by Gene Callahan
I am periodically re-astonished at the brilliance of Frédéric Bastiat. His satire “The Candlemaker’s Petition” is perhaps the most brilliant send-up of protectionism ever penned. And, listening to the news on the radio today, I again was made aware of how important but, apparently, difficult to grasp, is Bastiat’s point about “what is seen and what is unseen.”
What brought that point of Bastiat’s to my mind is the recent media focus on the proposed bailout of the US automakers. It is certainly the case that, if the government provides the US automakers with oodles of greenbacks they would not otherwise have had, then the automakers are more likely to make it through this recession. That, in Bastiat’s formulation, is “what is seen.” However, “what is not seen” is all of the other businesses that will fail as a result of that bailout.
To understand that point, we must recognize that what matters is not the quantity of pieces of paper with politicians’ pictures on them that the auto companies possess, but the quantity of resources that those pieces of paper will allow them to acquire. The government, if it gives the automakers boatloads of those pieces of paper, has not created so much as a single new side-view mirror or brake pedal. To make those items will take real resources, such as workers, glass, rubber, and so on. If the government chooses to re-direct such factors of production to automakers, it is inevitable that some other, potential users of those resources will not be able to acquire them. Thus, there are marginal businesses that would have made it through these hard times in the absence of a “Big Three” bailout that will, instead, fail due to such a bailout. Some construction company, outbid for steel by the newly empowered auto firms, will not be able to acquire the steel it needs to complete its projects, and thus will go under. Some window manufacturer, now outbid for glass by Ford or GM, will as a result shut its doors. Some sneaker producer, unable to compete with the politically favored Chrysler Corporation for rubber, will go out of business. In Bastiat’s lingo, “what is seen” is the auto workers who will not be laid off if this bailout goes through. “What is not seen” is the consequential failure of other businesses that lack the lobbying power of the auto industry.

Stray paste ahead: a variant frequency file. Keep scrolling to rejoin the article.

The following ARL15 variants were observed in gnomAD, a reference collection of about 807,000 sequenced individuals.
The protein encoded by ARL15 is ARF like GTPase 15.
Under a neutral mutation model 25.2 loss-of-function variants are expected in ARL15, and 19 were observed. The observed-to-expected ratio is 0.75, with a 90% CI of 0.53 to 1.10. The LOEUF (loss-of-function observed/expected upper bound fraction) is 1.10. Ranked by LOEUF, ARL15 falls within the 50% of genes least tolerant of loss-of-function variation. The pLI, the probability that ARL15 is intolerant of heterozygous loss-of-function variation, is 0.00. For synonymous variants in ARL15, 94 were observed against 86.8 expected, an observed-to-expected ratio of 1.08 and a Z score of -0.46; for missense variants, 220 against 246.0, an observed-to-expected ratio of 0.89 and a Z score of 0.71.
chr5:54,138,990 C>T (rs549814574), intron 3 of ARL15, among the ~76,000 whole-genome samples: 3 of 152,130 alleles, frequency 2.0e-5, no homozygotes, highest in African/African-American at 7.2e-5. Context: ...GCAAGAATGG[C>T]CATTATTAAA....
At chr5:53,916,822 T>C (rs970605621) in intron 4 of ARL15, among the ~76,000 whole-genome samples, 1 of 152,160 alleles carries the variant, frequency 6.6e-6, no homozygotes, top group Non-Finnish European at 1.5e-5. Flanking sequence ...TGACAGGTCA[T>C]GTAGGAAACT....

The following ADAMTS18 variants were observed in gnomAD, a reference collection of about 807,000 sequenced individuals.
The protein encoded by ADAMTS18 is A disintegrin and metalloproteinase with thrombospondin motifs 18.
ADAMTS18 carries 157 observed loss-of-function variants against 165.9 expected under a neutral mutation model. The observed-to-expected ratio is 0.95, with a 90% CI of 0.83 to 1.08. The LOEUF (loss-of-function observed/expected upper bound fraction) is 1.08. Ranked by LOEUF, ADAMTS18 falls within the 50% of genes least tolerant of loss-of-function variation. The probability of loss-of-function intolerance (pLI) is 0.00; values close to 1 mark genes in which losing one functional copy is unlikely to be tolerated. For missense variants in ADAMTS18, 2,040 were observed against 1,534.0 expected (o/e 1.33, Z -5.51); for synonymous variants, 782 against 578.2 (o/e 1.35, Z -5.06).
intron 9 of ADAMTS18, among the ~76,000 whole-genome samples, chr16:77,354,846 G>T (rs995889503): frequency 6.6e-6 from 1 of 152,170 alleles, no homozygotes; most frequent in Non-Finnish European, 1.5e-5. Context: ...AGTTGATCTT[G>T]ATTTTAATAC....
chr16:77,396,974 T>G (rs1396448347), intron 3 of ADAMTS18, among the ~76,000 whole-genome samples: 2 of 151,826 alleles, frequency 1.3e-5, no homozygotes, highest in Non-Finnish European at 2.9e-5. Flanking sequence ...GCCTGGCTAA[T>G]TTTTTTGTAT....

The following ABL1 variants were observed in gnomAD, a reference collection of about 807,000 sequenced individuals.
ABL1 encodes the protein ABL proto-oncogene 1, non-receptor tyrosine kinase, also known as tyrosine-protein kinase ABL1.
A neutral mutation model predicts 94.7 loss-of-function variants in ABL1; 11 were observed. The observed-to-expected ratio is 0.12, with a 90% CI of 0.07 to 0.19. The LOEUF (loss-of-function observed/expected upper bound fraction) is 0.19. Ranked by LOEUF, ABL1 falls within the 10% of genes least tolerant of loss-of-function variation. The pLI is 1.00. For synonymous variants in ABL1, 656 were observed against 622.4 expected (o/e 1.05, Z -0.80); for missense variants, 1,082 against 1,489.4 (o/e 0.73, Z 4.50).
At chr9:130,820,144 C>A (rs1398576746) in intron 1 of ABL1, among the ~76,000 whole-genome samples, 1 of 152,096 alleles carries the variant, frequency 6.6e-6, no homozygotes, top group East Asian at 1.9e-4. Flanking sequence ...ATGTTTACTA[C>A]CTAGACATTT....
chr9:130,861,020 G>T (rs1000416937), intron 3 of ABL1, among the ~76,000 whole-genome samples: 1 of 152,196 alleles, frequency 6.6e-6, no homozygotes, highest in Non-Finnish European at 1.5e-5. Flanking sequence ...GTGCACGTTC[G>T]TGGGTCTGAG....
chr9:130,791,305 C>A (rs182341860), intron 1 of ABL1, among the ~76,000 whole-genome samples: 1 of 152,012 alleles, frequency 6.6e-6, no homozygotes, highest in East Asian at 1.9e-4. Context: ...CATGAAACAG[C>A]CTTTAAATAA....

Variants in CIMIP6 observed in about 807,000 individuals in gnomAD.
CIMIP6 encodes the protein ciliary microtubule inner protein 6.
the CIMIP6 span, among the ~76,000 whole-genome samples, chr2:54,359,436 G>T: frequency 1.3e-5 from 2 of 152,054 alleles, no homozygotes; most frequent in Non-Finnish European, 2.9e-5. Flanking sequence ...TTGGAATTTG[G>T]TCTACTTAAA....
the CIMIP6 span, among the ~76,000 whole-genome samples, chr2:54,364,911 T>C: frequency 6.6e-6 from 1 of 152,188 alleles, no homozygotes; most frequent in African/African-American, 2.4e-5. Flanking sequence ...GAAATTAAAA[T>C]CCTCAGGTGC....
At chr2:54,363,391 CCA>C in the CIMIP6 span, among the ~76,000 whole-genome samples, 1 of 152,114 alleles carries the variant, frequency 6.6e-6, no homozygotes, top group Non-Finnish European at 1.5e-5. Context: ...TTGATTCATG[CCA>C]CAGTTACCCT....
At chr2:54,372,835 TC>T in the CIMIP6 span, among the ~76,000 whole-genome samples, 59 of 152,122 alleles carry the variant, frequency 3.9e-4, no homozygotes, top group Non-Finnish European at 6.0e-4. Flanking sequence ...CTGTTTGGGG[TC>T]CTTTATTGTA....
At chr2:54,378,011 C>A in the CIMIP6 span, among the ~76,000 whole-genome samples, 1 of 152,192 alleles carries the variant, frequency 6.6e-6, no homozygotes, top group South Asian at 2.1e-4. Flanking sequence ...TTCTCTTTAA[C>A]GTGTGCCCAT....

It is remarkable that I have not encountered a single story or commentary about the proposed bailout that mentions the inevitable demise of businesses not favored with government largesse. Bailouts, tax breaks, price restrictions, and so forth, never create new, real resources, but only re-distribute existing resources from some economic actors to others.